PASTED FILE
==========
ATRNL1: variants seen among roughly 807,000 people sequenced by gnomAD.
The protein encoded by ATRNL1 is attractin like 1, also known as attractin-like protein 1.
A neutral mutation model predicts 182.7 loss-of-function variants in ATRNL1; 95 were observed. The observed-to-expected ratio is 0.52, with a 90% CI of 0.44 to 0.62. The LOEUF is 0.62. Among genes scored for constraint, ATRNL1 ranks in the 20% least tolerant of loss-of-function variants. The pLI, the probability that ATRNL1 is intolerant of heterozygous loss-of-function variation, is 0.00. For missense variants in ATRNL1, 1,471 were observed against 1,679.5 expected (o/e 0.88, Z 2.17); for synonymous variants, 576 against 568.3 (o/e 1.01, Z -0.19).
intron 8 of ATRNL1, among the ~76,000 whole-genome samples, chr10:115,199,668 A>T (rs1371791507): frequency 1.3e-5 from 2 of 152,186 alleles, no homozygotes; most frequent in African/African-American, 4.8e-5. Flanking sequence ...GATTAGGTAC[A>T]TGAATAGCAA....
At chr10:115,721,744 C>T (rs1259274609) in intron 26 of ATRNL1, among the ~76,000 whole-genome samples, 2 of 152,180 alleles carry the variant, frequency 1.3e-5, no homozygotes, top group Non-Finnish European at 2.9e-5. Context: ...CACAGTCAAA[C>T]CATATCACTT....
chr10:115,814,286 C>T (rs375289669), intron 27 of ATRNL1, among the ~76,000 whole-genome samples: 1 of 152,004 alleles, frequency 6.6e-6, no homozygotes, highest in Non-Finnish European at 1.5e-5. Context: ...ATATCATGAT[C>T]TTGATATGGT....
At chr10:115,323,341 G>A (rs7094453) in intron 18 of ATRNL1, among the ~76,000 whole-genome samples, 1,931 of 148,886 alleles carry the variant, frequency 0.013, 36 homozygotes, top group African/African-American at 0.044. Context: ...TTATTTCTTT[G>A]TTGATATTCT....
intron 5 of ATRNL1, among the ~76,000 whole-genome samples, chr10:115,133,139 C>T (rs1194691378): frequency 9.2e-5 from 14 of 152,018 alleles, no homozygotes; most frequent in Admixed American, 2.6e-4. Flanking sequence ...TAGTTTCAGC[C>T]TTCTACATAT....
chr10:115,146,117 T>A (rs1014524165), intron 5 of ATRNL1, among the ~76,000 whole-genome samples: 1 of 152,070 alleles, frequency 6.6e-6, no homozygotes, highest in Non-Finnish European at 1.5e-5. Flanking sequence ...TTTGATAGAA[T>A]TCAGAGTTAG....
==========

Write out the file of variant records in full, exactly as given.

ATRNL1: variants seen among roughly 807,000 people sequenced by gnomAD.
The protein encoded by ATRNL1 is attractin like 1, also known as attractin-like protein 1.
A neutral mutation model predicts 182.7 loss-of-function variants in ATRNL1; 95 were observed. The observed-to-expected ratio is 0.52, with a 90% CI of 0.44 to 0.62. The LOEUF is 0.62. Among genes scored for constraint, ATRNL1 ranks in the 20% least tolerant of loss-of-function variants. The pLI, the probability that ATRNL1 is intolerant of heterozygous loss-of-function variation, is 0.00. For missense variants in ATRNL1, 1,471 were observed against 1,679.5 expected (o/e 0.88, Z 2.17); for synonymous variants, 576 against 568.3 (o/e 1.01, Z -0.19).
intron 8 of ATRNL1, among the ~76,000 whole-genome samples, chr10:115,199,668 A>T (rs1371791507): frequency 1.3e-5 from 2 of 152,186 alleles, no homozygotes; most frequent in African/African-American, 4.8e-5. Flanking sequence ...GATTAGGTAC[A>T]TGAATAGCAA....
At chr10:115,721,744 C>T (rs1259274609) in intron 26 of ATRNL1, among the ~76,000 whole-genome samples, 2 of 152,180 alleles carry the variant, frequency 1.3e-5, no homozygotes, top group Non-Finnish European at 2.9e-5. Context: ...CACAGTCAAA[C>T]CATATCACTT....
chr10:115,814,286 C>T (rs375289669), intron 27 of ATRNL1, among the ~76,000 whole-genome samples: 1 of 152,004 alleles, frequency 6.6e-6, no homozygotes, highest in Non-Finnish European at 1.5e-5. Context: ...ATATCATGAT[C>T]TTGATATGGT....
At chr10:115,323,341 G>A (rs7094453) in intron 18 of ATRNL1, among the ~76,000 whole-genome samples, 1,931 of 148,886 alleles carry the variant, frequency 0.013, 36 homozygotes, top group African/African-American at 0.044. Context: ...TTATTTCTTT[G>A]TTGATATTCT....
intron 5 of ATRNL1, among the ~76,000 whole-genome samples, chr10:115,133,139 C>T (rs1194691378): frequency 9.2e-5 from 14 of 152,018 alleles, no homozygotes; most frequent in Admixed American, 2.6e-4. Flanking sequence ...TAGTTTCAGC[C>T]TTCTACATAT....
chr10:115,146,117 T>A (rs1014524165), intron 5 of ATRNL1, among the ~76,000 whole-genome samples: 1 of 152,070 alleles, frequency 6.6e-6, no homozygotes, highest in Non-Finnish European at 1.5e-5. Flanking sequence ...TTTGATAGAA[T>A]TCAGAGTTAG....